CBS Planning Final Four Coverage From All Angles, Ready To Move On From Ware Injury
Whether the Final Four will be watched "on a mobile app or giant flat-screen TV," CBS Producer Mark Wolff and Director Bob Fishman "will literally decide how you see it," according to Michael Hiestand of USA TODAY. Wolff and Fishman will sit in a production truck "with feeds from 16-17 cameras -- up from the 7-8 cameras during regular-season action." Fishman said, "I'd like to strap a (tiny) camera to a player's head and an official's head. That would be tremendous. That's a direction we'd like to pursue." But in some areas, the "power of the CBS production team can be absolute -- which was on display when Louisville's Kevin Ware suffered the traumatic leg injury in Sunday's regional final victory against Duke." Fishman said "there was no debate" about showing more than two replays. He added, "Even if we had a closeup with a particularly gory angle, we wouldn't put it up." How CBS will handle Ware in Louisville's game against Wichita State on Saturday "is the big TV question going into Final Four coverage." Wolff said, "We're going to talk to the school to see what we can do with him on the pregame or the game coverage" (USA TODAY, 4/5). In Milwaukee, Bob Wolfley noted Ware now is a "huge component of Louisville's story." CBS Sports Group Chair Sean McManus said, "Without getting too graphic, I would not expect to see footage of the leg breaking on CBS in the future. It's not necessary. It's not journalistically important now because we have told the story. I think we will move on from that footage" (JSONLINE.com, 4/4). In Oklahoma City, Mel Bracht noted Ware "will be profiled" on CBS' "The Final Four Show" from 3:00-5:00pm ET on Saturday. Wichita State F Carl Hall, who "six years ago was told he would never play basketball again following a diagnosis of neuro-cardiogenic syncope, also is featured" (NEWSOK.com, 4/4).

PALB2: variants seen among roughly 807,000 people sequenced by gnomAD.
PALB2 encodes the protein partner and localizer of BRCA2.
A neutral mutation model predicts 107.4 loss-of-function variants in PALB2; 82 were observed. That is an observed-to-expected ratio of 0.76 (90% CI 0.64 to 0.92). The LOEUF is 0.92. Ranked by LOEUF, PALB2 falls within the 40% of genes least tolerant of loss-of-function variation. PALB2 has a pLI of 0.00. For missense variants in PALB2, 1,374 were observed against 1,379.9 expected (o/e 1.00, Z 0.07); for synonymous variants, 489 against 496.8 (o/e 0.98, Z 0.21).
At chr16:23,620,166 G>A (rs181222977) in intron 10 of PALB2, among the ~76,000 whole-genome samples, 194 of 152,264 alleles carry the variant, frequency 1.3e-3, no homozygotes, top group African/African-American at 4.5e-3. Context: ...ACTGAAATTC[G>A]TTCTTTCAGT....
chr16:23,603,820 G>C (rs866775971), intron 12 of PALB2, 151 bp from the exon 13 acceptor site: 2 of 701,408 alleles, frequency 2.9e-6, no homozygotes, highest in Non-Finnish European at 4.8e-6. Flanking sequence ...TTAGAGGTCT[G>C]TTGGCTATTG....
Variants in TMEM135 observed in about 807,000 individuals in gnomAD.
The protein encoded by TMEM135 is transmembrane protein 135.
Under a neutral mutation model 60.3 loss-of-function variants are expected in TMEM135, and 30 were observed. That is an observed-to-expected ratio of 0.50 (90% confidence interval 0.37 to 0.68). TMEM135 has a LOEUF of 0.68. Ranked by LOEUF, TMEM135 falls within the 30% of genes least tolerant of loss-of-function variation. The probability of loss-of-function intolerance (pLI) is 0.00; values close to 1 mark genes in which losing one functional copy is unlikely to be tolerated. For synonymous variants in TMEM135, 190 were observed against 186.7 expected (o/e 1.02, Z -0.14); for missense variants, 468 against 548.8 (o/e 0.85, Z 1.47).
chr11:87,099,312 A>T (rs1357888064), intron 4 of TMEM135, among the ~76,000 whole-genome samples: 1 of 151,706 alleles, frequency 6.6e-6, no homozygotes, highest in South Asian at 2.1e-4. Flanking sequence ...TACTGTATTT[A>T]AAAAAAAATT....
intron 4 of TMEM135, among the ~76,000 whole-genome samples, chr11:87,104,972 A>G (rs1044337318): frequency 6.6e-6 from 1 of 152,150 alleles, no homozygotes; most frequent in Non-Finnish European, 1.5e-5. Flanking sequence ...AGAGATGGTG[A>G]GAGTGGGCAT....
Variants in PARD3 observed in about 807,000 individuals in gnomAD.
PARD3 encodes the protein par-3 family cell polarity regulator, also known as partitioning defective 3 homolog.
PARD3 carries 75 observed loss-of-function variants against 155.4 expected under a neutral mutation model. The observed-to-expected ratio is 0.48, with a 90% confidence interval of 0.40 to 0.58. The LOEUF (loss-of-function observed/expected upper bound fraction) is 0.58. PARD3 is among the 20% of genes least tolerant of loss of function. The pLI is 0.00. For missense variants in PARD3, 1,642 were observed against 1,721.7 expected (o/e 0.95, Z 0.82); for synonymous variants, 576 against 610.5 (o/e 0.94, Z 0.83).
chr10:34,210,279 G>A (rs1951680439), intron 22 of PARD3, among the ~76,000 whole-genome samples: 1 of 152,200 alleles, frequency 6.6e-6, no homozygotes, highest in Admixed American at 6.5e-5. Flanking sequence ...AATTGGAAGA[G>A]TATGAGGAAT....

RIGHT TO WORK: Blogger Ed Sherman conducted a Q&A with CBS sideline reporter Tracy Wolfson, who was "about four feet" from Ware when the injury happened. Wolfson said of CBS finding a balance between getting the information and being respectful to the team, "CBS decided not to do any on-camera interview with the coaches at halftime like we normally do. Let's just talk to [Louisville coach Rick Pitino] off-camera. Let him regroup with his team and then see what he wants to say. If he didn't want to say anything, that's OK too." Sherman noted people have questioned the need for sideline reporters and asked, "Did your work Sunday provide a sense of validation?" Wolfson said, "It is in those situations where you need someone. I'm OK being that person who only steps into that role when it is necessary. I'm not someone who needs to be on the air six times a game because you have a reporter there and you have to put them on. We're all a team and I add to the broadcast." Sherman noted CBS does not use sideline reporters for regular-season NFL games and asked, "You work as a sideline reporter for CBS' college football game. How do you feel about that?" Wolfson: "I see the difference between college football and the NFL. Any relevant information, injury reports. In the NFL, a lot of that stuff goes directly to the booth. But you did see in the Super Bowl where you need them" (SHERMANREPORT.com, 4/3).
STORY OF CINDERELLA: In St. Louis, Dan Caesar writes there is a "wide [public] opinion that having a team from outside the marquee conferences playing in the national semifinals is an automatic television ratings killer for CBS." But two years ago when VCU and Butler met in the Final Four, "instead of killing viewership numbers, it did the opposite." It helped CBS’ rating for the two Saturday games "tie for the highest figure they had drawn in six years." Still, Wichita State "won’t be in the prime-time slot Saturday despite playing top seed Louisville." CBS "set that game for the early slot," while Michigan and Syracuse follow in the "marquee time slot." McManus said, "The Big 10 traditionally brings a lot of television homes into the equation. These are always subjective decisions and subjective calls." He added, "It’s not an exact science but that was the decision we made that we thought would make the most sense from a television standpoint" (ST. LOUIS POST-DISPATCH, 4/5).
LADIES' NIGHT: In New Orleans, Rachel Whittaker conducted a Q&A with ESPN Senior Coordinating Producer Tina Thornton about coverage of the upcoming NCAA Women's Final Four. Thornton, on changes to this year's coverage, said, "One thing we are doing from a technology perspective is an art telestration system, which is something we developed here internally. ... We also use virtual hot zones and shot charts that you can put directly onto the court instead of just seeing them in a graphic of some kind." Thornton added, "We worked really hard this year with ESPNW ... and we were really one team this year looking at everything collectively, not two separate units. That was a real win for us" (NOLA.com, 4/3).